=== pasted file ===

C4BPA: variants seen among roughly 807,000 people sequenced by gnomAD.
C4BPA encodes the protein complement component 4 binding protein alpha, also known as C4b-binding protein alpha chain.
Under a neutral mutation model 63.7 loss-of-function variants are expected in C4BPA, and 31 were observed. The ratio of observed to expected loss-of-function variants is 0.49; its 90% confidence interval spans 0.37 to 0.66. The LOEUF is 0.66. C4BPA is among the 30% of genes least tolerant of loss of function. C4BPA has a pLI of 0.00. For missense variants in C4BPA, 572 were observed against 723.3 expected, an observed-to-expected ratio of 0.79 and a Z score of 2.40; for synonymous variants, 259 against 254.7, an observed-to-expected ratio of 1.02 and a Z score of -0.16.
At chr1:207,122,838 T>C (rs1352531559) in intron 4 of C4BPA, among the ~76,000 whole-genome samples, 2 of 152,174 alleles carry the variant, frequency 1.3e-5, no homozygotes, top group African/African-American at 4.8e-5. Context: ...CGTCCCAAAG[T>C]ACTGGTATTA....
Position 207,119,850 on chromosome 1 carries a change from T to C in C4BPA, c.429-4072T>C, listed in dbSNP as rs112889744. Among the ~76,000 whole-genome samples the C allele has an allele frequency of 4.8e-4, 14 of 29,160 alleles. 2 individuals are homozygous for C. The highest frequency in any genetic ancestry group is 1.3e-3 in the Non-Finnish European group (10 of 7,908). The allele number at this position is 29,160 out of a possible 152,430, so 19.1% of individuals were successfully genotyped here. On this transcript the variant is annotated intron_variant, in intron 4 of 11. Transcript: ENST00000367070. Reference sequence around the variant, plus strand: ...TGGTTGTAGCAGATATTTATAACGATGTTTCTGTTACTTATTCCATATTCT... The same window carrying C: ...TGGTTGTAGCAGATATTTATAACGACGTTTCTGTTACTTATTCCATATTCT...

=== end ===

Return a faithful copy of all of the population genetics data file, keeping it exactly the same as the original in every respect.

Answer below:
C4BPA: variants seen among roughly 807,000 people sequenced by gnomAD.
C4BPA encodes the protein complement component 4 binding protein alpha, also known as C4b-binding protein alpha chain.
Under a neutral mutation model 63.7 loss-of-function variants are expected in C4BPA, and 31 were observed. The ratio of observed to expected loss-of-function variants is 0.49; its 90% confidence interval spans 0.37 to 0.66. The LOEUF is 0.66. C4BPA is among the 30% of genes least tolerant of loss of function. C4BPA has a pLI of 0.00. For missense variants in C4BPA, 572 were observed against 723.3 expected, an observed-to-expected ratio of 0.79 and a Z score of 2.40; for synonymous variants, 259 against 254.7, an observed-to-expected ratio of 1.02 and a Z score of -0.16.
At chr1:207,122,838 T>C (rs1352531559) in intron 4 of C4BPA, among the ~76,000 whole-genome samples, 2 of 152,174 alleles carry the variant, frequency 1.3e-5, no homozygotes, top group African/African-American at 4.8e-5. Context: ...CGTCCCAAAG[T>C]ACTGGTATTA....
Position 207,119,850 on chromosome 1 carries a change from T to C in C4BPA, c.429-4072T>C, listed in dbSNP as rs112889744. Among the ~76,000 whole-genome samples the C allele has an allele frequency of 4.8e-4, 14 of 29,160 alleles. 2 individuals are homozygous for C. The highest frequency in any genetic ancestry group is 1.3e-3 in the Non-Finnish European group (10 of 7,908). The allele number at this position is 29,160 out of a possible 152,430, so 19.1% of individuals were successfully genotyped here. On this transcript the variant is annotated intron_variant, in intron 4 of 11. Transcript: ENST00000367070. Reference sequence around the variant, plus strand: ...TGGTTGTAGCAGATATTTATAACGATGTTTCTGTTACTTATTCCATATTCT... The same window carrying C: ...TGGTTGTAGCAGATATTTATAACGACGTTTCTGTTACTTATTCCATATTCT...